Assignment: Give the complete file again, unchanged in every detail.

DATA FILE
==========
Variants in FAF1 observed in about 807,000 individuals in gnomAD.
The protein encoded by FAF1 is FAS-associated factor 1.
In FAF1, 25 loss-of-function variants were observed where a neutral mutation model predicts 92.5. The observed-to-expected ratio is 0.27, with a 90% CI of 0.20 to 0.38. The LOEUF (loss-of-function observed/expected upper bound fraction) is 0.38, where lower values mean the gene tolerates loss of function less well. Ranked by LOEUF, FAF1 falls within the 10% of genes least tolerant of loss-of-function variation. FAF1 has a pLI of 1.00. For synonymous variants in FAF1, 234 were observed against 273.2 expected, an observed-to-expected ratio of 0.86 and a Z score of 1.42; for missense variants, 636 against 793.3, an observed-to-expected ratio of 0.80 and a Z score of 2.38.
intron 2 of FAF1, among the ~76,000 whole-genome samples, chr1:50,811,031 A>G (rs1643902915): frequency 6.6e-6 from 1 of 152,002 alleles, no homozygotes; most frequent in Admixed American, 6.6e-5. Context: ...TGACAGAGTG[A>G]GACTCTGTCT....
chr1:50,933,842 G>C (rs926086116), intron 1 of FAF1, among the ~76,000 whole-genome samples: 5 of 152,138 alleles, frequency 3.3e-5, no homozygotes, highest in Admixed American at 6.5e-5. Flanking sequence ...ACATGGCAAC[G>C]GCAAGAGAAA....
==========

Variants in FAF1 observed in about 807,000 individuals in gnomAD.
The protein encoded by FAF1 is FAS-associated factor 1.
In FAF1, 25 loss-of-function variants were observed where a neutral mutation model predicts 92.5. The observed-to-expected ratio is 0.27, with a 90% CI of 0.20 to 0.38. The LOEUF (loss-of-function observed/expected upper bound fraction) is 0.38, where lower values mean the gene tolerates loss of function less well. Ranked by LOEUF, FAF1 falls within the 10% of genes least tolerant of loss-of-function variation. FAF1 has a pLI of 1.00. For synonymous variants in FAF1, 234 were observed against 273.2 expected, an observed-to-expected ratio of 0.86 and a Z score of 1.42; for missense variants, 636 against 793.3, an observed-to-expected ratio of 0.80 and a Z score of 2.38.
intron 2 of FAF1, among the ~76,000 whole-genome samples, chr1:50,811,031 A>G (rs1643902915): frequency 6.6e-6 from 1 of 152,002 alleles, no homozygotes; most frequent in Admixed American, 6.6e-5. Context: ...TGACAGAGTG[A>G]GACTCTGTCT....
chr1:50,933,842 G>C (rs926086116), intron 1 of FAF1, among the ~76,000 whole-genome samples: 5 of 152,138 alleles, frequency 3.3e-5, no homozygotes, highest in Admixed American at 6.5e-5. Flanking sequence ...ACATGGCAAC[G>C]GCAAGAGAAA....